Youthful Father Chuck O'Malley led a colorful life of sports, song, and romance before joining the Roman Catholic clergy, but his level gaze and twinkling eyes make it clear that he knows ... See full summary »
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Youthful Father Chuck O'Malley led a colorful life of sports, song, and romance before joining the Roman Catholic clergy, but his level gaze and twinkling eyes make it clear that he knows he made the right choice. After joining a parish, O'Malley's worldly knowledge helps him connect with a gang of kids looking for direction and handle the business details of the church-building fund, winning over his aging, conventional superior, Father Fitzgibbon. Written by
The film was actually written after its "sequel" The Bells of St. Mary's (1945); in order to borrow Bing Crosby from Paramount for that film, RKO had to allow Leo McCarey to write and direct "Going My Way", based on the same character. Oddly, however, "Going My Way" was released first. See more »
Directly after the first rendition of "Going My Way", the shadow of the boom mic can be seen moving on the church wall behind father Fitzgibbon and Miss Linden. See more »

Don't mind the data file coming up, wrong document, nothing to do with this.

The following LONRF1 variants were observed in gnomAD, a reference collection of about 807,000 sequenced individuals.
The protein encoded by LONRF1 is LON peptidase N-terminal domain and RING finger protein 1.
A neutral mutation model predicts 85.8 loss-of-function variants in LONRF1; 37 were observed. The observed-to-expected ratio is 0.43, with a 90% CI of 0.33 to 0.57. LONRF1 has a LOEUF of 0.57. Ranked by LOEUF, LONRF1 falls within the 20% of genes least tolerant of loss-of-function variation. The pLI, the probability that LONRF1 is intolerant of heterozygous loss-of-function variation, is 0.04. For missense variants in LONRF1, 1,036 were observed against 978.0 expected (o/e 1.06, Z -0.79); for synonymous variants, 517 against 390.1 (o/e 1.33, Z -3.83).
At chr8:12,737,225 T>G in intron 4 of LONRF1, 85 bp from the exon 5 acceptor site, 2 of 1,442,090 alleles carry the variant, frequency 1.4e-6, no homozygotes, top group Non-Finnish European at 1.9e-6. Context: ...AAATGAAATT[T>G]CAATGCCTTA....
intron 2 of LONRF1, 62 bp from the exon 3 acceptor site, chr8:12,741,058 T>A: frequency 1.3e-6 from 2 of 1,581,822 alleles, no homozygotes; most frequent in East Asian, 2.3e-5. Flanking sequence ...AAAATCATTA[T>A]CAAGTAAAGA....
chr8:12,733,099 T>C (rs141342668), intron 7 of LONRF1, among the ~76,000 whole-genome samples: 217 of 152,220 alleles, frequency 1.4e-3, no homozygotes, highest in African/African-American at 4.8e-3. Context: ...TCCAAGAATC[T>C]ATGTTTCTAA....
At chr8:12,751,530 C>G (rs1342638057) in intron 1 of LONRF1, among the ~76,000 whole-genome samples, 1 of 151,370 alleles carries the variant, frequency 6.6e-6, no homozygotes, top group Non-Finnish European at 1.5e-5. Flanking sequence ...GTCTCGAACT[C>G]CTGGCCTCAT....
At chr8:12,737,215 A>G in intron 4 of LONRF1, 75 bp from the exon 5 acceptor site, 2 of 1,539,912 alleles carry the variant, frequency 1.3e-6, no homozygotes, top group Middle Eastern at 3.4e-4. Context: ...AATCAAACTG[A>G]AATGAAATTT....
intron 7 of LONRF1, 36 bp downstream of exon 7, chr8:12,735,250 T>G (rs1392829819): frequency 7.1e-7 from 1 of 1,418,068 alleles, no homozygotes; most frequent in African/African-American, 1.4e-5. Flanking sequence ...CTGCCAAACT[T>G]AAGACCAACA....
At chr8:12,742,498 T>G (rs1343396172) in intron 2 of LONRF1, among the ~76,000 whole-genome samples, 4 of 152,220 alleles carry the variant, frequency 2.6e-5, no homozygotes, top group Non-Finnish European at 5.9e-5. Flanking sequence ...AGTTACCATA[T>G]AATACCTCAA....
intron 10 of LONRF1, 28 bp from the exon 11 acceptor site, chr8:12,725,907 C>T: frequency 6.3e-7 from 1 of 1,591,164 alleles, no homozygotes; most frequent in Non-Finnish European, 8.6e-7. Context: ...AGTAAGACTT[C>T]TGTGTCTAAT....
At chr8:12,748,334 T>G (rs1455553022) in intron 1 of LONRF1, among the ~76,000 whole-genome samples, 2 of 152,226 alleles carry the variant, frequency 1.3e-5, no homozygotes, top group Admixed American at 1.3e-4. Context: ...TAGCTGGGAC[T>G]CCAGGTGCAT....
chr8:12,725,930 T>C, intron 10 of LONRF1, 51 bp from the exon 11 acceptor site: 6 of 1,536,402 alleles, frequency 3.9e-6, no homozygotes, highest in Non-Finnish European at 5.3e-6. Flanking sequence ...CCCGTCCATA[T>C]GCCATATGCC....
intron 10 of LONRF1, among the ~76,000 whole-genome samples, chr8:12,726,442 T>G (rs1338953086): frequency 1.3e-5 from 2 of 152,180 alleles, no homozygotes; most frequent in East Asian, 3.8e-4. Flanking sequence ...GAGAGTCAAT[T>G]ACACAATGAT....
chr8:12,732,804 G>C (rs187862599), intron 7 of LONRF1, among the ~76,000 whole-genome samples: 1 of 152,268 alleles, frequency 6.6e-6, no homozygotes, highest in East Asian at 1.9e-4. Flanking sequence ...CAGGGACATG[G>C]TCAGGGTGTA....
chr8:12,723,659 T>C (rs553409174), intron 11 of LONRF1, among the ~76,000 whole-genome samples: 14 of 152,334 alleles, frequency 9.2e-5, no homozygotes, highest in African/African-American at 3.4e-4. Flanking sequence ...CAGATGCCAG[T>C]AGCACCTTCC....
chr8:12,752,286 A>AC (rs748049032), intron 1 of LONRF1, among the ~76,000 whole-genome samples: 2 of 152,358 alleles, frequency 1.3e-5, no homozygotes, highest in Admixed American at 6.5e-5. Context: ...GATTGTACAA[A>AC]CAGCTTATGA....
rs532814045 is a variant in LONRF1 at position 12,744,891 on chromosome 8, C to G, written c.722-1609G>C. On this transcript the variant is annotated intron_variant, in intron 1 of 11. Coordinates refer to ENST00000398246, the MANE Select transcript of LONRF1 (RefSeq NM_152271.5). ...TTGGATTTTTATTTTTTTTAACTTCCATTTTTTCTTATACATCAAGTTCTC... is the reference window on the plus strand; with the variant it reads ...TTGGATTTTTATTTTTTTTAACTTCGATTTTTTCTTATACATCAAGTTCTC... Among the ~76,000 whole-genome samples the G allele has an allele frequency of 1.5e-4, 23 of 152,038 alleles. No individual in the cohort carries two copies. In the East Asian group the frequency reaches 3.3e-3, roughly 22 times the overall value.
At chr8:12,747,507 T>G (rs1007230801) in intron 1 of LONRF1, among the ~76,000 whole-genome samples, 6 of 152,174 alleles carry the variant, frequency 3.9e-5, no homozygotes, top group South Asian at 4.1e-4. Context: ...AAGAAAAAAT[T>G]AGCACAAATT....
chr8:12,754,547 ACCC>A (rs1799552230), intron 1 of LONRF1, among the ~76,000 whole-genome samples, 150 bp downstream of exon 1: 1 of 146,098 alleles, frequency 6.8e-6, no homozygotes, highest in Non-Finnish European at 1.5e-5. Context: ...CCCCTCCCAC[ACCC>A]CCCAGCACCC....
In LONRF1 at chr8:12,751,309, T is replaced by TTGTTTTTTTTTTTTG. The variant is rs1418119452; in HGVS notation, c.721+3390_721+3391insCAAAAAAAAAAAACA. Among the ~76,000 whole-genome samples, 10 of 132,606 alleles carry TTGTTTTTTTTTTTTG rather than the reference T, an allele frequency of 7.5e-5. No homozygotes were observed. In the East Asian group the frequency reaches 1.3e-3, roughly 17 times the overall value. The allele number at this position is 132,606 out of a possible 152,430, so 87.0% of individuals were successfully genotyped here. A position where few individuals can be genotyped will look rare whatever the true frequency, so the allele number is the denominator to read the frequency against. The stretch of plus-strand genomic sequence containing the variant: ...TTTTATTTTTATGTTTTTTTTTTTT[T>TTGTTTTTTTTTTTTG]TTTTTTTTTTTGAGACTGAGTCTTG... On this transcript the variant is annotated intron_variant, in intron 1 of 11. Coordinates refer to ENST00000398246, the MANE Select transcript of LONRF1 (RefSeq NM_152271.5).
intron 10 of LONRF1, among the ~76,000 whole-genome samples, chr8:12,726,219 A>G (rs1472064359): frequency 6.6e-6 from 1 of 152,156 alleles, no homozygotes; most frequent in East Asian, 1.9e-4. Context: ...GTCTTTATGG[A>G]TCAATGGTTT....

Leo McCarey's sentimental 1944 film, "Going My Way" is a positive film that dealt with the problems of the inner city back when the term hadn't been coined. St. Dominic's Church is an oasis in the middle of the area that has seen better days. We realize how deeply in trouble the parish is from the start as Mr. Haines is trying to give Father Fitzgibbon an idea of how much he owes the bank and the fact the church will disappear soon.
When Father Chuck O'Malley arrives at St. Dominic to try to save it from its uncertain future, Father Fitzgibbon doesn't have a clue the younger man is going to be over him in all matters of importance. Yet, Father O'Malley never steps over the older priest's shoes to make his rank felt.
This film was shot after the more successful, and better made "The Bells of St. Mary's", but it was released earlier than the other film, probably to capitalize on Bing Crosby's popularity. The film, in fact, is a showcase for Mr. Crosby, who was a likable actor and singer. He has good opportunities in the movie.
As good as Mr. Crosby was in the film, Barry Fitzgerald steals the movie with his Father Fitzgibbon. Mr. Fitzgerald's crusty priest was one of the best creations of his long career. Frank McHugh, another excellent character actor of the era is seen as Father O'Dowd. Gene Lockhart also has a small role as the money man, Mr. Haines. Rise Stevens, the soprano is seen and heard in the film singing in her inimitable style.
The film is a classic that should be seen during the holidays, as it brings cheer and hope to everyone lucky enough to catch a screening of it during Christmas.
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